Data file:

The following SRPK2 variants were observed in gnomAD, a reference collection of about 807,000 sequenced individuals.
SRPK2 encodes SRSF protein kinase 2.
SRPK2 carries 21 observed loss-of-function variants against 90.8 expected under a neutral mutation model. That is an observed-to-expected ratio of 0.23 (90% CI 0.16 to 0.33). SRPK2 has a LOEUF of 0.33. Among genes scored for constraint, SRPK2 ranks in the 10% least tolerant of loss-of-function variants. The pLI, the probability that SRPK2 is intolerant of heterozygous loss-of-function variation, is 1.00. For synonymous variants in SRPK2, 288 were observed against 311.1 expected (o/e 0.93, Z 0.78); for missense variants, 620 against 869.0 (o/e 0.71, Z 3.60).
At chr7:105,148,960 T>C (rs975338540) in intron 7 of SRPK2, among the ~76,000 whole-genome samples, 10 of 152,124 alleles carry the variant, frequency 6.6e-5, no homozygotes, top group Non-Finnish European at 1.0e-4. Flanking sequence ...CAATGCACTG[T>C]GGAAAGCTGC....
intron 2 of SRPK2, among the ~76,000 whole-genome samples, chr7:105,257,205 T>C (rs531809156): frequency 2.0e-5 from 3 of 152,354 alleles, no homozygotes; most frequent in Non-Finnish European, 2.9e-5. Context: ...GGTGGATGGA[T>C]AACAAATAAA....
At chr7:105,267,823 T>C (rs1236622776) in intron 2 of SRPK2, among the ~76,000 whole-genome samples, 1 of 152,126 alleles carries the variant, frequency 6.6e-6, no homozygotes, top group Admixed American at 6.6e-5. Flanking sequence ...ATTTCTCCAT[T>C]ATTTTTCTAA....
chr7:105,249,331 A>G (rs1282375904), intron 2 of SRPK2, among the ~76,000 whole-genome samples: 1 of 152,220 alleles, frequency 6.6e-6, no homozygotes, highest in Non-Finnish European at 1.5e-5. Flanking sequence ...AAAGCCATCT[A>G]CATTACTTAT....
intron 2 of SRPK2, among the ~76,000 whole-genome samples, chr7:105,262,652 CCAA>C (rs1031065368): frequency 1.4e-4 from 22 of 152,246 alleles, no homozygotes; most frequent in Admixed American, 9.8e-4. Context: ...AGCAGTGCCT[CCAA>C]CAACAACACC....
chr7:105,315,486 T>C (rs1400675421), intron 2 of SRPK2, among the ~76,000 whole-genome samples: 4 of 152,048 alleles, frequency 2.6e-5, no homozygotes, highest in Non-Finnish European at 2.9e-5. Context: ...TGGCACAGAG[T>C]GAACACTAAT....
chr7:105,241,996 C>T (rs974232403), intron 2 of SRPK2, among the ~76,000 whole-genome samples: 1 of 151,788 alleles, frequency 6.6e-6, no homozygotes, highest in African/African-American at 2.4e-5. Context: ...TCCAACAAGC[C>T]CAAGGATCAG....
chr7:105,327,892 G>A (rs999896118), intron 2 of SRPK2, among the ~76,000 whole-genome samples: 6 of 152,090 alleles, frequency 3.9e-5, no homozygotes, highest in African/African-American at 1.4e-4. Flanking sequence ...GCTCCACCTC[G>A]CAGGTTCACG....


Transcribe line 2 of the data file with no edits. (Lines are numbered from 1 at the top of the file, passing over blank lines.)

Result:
SRPK2 encodes SRSF protein kinase 2.